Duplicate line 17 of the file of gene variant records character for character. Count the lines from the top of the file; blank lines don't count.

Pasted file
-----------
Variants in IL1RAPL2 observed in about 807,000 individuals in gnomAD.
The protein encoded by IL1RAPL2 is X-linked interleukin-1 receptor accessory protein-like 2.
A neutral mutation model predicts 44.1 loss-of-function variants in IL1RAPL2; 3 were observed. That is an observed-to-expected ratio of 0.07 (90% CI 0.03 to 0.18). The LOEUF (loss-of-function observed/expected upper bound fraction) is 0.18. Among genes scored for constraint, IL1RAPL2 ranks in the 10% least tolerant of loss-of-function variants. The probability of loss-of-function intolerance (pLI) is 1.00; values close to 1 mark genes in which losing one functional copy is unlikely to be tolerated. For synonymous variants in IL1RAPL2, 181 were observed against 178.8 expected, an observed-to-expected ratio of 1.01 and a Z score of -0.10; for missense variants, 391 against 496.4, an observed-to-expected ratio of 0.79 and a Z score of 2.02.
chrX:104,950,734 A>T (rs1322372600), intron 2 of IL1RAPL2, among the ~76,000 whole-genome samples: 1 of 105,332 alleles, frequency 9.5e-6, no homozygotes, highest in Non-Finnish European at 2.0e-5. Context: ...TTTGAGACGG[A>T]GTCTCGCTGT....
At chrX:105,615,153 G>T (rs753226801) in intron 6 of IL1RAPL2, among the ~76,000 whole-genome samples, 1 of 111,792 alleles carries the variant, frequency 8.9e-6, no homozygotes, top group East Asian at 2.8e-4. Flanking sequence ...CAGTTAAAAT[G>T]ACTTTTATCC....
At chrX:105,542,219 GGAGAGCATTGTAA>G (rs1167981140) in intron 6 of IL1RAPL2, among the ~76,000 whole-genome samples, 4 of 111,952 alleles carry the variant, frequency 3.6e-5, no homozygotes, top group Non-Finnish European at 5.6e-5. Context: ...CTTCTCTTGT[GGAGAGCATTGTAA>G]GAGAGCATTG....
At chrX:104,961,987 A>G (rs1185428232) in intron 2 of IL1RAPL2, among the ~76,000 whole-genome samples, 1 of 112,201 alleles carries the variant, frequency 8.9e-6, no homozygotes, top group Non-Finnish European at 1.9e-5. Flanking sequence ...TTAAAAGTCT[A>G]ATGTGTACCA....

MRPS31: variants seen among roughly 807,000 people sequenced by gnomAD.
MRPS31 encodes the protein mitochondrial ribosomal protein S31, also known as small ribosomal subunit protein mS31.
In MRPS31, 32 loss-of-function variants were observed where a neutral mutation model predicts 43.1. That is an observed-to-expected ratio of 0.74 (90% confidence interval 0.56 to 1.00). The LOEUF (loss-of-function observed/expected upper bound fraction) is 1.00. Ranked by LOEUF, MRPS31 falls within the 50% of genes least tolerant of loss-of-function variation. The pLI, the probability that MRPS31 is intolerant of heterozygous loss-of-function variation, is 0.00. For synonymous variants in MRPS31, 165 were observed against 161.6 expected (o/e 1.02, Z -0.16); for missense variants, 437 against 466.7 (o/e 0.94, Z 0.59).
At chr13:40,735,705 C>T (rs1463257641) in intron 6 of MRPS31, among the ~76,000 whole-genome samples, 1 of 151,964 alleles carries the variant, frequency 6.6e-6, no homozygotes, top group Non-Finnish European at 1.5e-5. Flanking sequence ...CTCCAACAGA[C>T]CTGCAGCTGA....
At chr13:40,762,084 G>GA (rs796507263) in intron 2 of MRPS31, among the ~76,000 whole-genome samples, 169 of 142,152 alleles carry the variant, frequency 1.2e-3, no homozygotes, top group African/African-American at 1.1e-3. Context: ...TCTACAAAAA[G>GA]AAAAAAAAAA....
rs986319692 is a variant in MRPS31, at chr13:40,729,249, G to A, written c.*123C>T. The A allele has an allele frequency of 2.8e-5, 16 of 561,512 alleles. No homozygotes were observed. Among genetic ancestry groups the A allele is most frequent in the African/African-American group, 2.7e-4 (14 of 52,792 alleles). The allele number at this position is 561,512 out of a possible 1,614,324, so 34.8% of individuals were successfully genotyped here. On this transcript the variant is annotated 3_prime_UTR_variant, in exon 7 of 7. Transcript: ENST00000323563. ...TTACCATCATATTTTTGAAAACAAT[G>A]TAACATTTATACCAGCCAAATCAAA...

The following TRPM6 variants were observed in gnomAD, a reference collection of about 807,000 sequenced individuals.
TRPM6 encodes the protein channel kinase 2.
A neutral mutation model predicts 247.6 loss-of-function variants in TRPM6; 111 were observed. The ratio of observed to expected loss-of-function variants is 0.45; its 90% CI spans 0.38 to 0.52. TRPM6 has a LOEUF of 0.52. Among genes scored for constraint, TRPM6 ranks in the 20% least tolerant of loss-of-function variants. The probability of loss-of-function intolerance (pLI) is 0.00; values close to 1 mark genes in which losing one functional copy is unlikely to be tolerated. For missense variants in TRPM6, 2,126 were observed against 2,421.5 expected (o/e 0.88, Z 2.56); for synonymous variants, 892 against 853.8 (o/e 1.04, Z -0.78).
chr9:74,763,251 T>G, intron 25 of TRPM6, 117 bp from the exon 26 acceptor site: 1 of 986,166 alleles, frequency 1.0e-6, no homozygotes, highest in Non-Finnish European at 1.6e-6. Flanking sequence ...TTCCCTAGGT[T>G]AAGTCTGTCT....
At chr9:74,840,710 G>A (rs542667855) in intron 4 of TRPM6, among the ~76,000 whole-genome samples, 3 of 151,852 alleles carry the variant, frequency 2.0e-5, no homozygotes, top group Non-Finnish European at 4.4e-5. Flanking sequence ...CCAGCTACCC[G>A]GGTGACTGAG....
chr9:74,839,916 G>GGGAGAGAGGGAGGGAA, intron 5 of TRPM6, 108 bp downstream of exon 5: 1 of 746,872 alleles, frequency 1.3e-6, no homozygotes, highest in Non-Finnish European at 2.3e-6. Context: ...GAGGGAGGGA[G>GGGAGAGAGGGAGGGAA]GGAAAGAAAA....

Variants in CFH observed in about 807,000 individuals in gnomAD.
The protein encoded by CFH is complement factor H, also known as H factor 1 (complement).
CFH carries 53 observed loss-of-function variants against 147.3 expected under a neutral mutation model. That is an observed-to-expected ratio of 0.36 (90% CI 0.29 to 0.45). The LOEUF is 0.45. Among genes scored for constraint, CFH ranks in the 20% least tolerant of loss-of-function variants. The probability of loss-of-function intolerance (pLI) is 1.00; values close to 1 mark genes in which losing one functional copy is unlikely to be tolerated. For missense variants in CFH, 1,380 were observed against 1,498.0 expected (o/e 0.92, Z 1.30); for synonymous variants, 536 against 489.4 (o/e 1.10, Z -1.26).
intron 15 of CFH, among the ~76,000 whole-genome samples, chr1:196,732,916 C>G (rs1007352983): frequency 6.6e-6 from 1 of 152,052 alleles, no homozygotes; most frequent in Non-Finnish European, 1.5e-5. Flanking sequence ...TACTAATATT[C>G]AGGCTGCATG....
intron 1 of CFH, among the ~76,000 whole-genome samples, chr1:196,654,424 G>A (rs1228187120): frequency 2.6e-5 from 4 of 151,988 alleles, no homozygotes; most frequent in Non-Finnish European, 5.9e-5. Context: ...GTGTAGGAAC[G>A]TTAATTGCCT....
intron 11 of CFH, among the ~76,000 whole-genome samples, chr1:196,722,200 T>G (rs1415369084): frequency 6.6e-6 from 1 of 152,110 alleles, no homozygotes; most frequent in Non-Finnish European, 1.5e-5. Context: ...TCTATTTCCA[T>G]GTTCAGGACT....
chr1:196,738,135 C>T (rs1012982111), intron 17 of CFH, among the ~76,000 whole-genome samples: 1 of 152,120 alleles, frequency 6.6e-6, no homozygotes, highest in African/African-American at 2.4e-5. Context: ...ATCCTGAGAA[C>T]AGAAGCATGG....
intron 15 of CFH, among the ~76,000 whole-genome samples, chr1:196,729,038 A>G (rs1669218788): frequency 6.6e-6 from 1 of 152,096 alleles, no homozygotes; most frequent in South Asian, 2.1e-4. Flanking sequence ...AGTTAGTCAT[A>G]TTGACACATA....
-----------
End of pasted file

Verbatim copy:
chr9:74,763,251 T>G, intron 25 of TRPM6, 117 bp from the exon 26 acceptor site: 1 of 986,166 alleles, frequency 1.0e-6, no homozygotes, highest in Non-Finnish European at 1.6e-6. Flanking sequence ...TTCCCTAGGT[T>G]AAGTCTGTCT....